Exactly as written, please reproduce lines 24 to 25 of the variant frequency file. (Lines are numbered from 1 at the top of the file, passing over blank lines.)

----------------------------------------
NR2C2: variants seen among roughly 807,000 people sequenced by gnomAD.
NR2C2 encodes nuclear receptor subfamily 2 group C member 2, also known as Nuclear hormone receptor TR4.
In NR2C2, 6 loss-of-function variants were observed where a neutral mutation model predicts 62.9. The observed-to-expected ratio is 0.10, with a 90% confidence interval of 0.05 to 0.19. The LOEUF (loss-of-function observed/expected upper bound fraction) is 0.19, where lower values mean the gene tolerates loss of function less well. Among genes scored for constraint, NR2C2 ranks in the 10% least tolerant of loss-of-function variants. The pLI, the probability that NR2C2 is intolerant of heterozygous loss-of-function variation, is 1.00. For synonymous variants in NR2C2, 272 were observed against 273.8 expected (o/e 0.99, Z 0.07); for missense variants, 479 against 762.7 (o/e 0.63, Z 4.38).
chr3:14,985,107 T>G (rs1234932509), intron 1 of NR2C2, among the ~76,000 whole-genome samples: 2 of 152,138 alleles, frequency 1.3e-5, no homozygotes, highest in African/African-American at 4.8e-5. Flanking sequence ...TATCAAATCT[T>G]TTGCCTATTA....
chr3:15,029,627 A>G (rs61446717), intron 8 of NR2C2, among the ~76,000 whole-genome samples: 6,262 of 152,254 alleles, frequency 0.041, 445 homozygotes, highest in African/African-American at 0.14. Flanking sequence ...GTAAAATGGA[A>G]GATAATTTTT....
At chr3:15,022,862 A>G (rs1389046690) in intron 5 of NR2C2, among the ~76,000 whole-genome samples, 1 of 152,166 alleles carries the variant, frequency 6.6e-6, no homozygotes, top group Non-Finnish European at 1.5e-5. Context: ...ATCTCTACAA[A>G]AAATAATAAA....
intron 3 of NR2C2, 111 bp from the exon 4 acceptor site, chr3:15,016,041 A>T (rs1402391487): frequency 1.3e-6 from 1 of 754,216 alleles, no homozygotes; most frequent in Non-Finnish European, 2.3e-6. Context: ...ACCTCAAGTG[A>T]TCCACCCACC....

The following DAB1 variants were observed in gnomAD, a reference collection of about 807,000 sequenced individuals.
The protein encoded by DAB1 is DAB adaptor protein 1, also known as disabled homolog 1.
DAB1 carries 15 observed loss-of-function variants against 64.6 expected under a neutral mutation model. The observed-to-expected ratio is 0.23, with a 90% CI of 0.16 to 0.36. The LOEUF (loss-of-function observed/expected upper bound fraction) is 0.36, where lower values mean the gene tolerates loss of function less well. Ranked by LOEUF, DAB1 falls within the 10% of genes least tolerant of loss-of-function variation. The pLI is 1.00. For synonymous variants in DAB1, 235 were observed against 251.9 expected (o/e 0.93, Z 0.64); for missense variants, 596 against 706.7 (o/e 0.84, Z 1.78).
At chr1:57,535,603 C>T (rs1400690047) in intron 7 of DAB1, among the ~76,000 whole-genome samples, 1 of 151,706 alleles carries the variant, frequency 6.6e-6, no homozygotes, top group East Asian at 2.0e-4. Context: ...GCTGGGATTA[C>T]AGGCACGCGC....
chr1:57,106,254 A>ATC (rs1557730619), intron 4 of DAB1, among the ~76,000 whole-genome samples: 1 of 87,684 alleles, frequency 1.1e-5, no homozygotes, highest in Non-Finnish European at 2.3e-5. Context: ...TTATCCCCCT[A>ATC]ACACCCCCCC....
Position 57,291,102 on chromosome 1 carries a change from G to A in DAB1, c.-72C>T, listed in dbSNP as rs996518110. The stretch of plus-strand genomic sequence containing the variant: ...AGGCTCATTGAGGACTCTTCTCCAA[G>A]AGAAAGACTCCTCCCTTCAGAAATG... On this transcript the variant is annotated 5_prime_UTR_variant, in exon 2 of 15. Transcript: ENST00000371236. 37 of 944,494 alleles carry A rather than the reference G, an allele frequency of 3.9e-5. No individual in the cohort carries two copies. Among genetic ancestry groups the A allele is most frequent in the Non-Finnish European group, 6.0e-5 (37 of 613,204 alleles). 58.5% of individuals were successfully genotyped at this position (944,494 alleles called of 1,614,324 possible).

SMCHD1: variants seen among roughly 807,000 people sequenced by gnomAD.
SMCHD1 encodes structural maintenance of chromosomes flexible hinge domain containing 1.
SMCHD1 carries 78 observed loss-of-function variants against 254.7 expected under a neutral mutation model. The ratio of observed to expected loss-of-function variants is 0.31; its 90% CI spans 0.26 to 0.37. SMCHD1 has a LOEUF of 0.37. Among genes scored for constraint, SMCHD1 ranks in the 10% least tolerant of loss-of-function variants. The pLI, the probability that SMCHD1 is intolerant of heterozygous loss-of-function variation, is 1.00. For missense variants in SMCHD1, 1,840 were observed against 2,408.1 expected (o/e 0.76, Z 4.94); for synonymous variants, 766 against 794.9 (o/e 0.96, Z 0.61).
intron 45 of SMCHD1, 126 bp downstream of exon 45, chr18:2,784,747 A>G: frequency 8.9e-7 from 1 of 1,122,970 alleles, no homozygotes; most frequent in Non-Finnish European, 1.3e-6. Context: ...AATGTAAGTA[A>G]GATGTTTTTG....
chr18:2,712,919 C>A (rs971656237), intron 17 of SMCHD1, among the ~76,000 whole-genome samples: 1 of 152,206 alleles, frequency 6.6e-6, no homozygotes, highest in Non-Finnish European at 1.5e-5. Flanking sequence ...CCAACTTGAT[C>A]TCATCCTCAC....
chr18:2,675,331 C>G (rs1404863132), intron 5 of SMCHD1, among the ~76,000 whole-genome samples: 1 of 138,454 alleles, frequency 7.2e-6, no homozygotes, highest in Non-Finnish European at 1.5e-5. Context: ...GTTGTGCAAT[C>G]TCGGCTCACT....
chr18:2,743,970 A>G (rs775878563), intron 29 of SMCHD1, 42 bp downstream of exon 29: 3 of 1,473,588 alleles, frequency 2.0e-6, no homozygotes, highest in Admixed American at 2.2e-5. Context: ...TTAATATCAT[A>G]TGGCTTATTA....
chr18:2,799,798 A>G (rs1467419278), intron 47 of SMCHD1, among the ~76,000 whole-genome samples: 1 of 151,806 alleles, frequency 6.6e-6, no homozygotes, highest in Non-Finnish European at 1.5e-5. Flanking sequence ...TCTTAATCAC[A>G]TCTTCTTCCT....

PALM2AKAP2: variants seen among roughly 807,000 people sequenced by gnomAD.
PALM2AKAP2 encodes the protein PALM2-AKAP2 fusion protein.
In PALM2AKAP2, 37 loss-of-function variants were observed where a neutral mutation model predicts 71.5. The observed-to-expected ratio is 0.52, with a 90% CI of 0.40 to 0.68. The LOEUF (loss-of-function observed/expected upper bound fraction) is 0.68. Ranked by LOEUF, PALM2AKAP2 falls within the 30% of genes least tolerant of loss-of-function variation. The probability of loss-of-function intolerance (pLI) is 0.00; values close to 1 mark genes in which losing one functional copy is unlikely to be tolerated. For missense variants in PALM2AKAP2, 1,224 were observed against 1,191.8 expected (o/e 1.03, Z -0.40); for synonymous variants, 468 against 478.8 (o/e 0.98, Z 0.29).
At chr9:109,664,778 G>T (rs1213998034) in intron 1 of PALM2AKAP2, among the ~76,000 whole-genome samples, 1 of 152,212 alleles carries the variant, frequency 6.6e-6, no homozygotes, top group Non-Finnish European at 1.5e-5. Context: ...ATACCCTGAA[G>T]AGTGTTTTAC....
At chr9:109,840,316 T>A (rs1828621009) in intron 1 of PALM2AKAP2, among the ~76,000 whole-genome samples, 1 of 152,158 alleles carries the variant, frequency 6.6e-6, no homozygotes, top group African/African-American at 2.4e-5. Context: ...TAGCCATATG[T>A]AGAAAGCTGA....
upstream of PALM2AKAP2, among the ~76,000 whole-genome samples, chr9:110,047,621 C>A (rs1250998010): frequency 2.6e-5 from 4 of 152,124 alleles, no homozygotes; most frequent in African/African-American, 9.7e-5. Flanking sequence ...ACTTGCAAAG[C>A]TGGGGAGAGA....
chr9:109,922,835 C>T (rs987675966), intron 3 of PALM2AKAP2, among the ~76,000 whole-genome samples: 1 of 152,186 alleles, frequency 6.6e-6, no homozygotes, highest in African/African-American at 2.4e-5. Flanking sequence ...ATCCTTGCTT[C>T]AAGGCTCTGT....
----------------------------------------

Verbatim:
In PALM2AKAP2, 37 loss-of-function variants were observed where a neutral mutation model predicts 71.5. The observed-to-expected ratio is 0.52, with a 90% CI of 0.40 to 0.68. The LOEUF (loss-of-function observed/expected upper bound fraction) is 0.68. Ranked by LOEUF, PALM2AKAP2 falls within the 30% of genes least tolerant of loss-of-function variation. The probability of loss-of-function intolerance (pLI) is 0.00; values close to 1 mark genes in which losing one functional copy is unlikely to be tolerated. For missense variants in PALM2AKAP2, 1,224 were observed against 1,191.8 expected (o/e 1.03, Z -0.40); for synonymous variants, 468 against 478.8 (o/e 0.98, Z 0.29).
At chr9:109,664,778 G>T (rs1213998034) in intron 1 of PALM2AKAP2, among the ~76,000 whole-genome samples, 1 of 152,212 alleles carries the variant, frequency 6.6e-6, no homozygotes, top group Non-Finnish European at 1.5e-5. Context: ...ATACCCTGAA[G>T]AGTGTTTTAC....